Martynov, the fool, insisted on satisfaction. (“How many times have I asked you to abandon your jokes, at least when the ladies are present?” he said.)

Yes, really a very large dagger, I thought to myself; this is nothing, tomorrow we’ll be drinking the waters together as friends again.

But, as always, my tongue was my worst enemy. I said: “Really, Monkey, are you going to get seriously angry and challenge me to a duel for this?”

The Circassian warrior of the drawing room drew himself to his full height: “Yes, I am calling you out.”

There was more to him than I had thought. So be it. The barrier was set at 30 paces, and we were to approach 10 paces closer. What silliness. I had no intention of firing on anyone on such a fine day—and I remembered Alexander Sergeevitch’s story in which the duelist refused to use his weapon but instead spat cherry pits across the barrier. But there were no purple cherries to be had on this fine day. I raised my pistol to the sky and for some reason could not stop myself from one final bitterness in this world: ya v etovo duraka strelyat ne budu, I shall not fire on that fool. A worm twisted in my body, searching through the left side of my strawberry shirt—strawberries for luck—passing though the willing flesh of heart and lungs, and out into empty space again. Then, darkness. And no more pain.

I lay in the rain, in my strawberry shirt, red-on-red in a dale of Daghestan; I dreamt of mountain precipices, of crimson peaks, of a solitary sail seeking distant lands—and my blood grew cold and ran away. A fool of time.

And the Tsar said: A dog’s death for a dog.

Two years later, my grandmother took me to the family tomb at Tarkhany, where you may visit me as you please.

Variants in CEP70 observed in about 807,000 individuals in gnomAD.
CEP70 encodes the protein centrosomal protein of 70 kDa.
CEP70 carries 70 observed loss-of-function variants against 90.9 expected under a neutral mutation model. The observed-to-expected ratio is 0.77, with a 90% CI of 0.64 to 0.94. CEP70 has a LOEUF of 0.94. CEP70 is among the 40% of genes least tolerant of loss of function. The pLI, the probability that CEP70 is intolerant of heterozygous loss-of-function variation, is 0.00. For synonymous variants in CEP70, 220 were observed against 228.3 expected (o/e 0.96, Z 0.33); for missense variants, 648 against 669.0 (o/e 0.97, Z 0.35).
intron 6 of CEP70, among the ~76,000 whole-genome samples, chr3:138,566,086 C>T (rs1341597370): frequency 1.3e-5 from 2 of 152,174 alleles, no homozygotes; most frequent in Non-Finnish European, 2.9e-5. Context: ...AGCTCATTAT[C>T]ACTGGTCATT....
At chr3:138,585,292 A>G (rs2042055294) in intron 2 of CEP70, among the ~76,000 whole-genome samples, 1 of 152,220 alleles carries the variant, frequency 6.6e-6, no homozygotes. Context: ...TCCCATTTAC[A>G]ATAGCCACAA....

—Myler Wilkinson

 

Selected Reading

Pushkin, Alexander. Pushkin Threefold: Narrative, Lyric, Polemic, and Ribald Verse. Trans. Walter Arnt. NY: Dutton, 1972.

______. The Captain’s Daughter and Other Stories (contains “The Shot”). Trans. Natalie Dudington & T. Keane. NY: Random House (Vintage Books), 1957

Binyon, T. J. Pushkin: A Biography. London: HarperCollins Publishers. London: 2002

Edmonds, Robin. Pushkin: The Man and His Age. London: MacMillan, 1994.

Troyat, Henri. Pushkin. Translated from the French by Nancy Amphoux. Garden City, New York: Doubleday & Company, Inc., 1970.

Lermontov, Mikhail. A Hero of Our Time. Trans. Vladimir Nabokov in collaboration with Dmitri Nabokov. Garden City, New York: Doubleday Anchor, 1958.

______. Major Poetical Works. U of Minnesota Press, 1983.

Kelley, Laurence. Lermontov: Tragedy in the Caucasus. New York: George Braziller, 1978.

Vickery, Walter N. Mikhail Yurievitch Lermontov. His Life and Work. Munchen: Verlag Otto Sagner, 2001.

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Myler Wilkinson

Myler Wilkinson—author of numerous articles and essays on Russian culture and literary history, and has spent extensive periods of time over the last 25 years in Russia. He has published three books—Hemingway and Turgenev: The Nature of Literary Influence, The Dark Mirror: American Literary Response to Russia, and Russian Journal: A Personal Journey—all of which explore imaginative and cultural crossings between Russia and North America. He is the anthologist and co-editor, with David Stouck, of two volumes of British Columbia writing—West by Northwest: BC Short Stories and Genius of Place: Writing about British Columbia. In addition to his non-fiction work, Wilkinson has also published award-winning short stories in journals such as Prism International (25th  Anniversary Anthology) and Pierian Spring. Currently he is working on a story cycle which explores the lives of Russian writers. “The Duel” is one of those stories: it follows Alexander Pushkin and Mikhail Lermontov on their ways to the duels that end their lives; this work is linked to the story “The Blood of Slaves,” which was winner of the Fiddlehead Fiction Prize for 2014, based on the life and death of Anton Chekhov.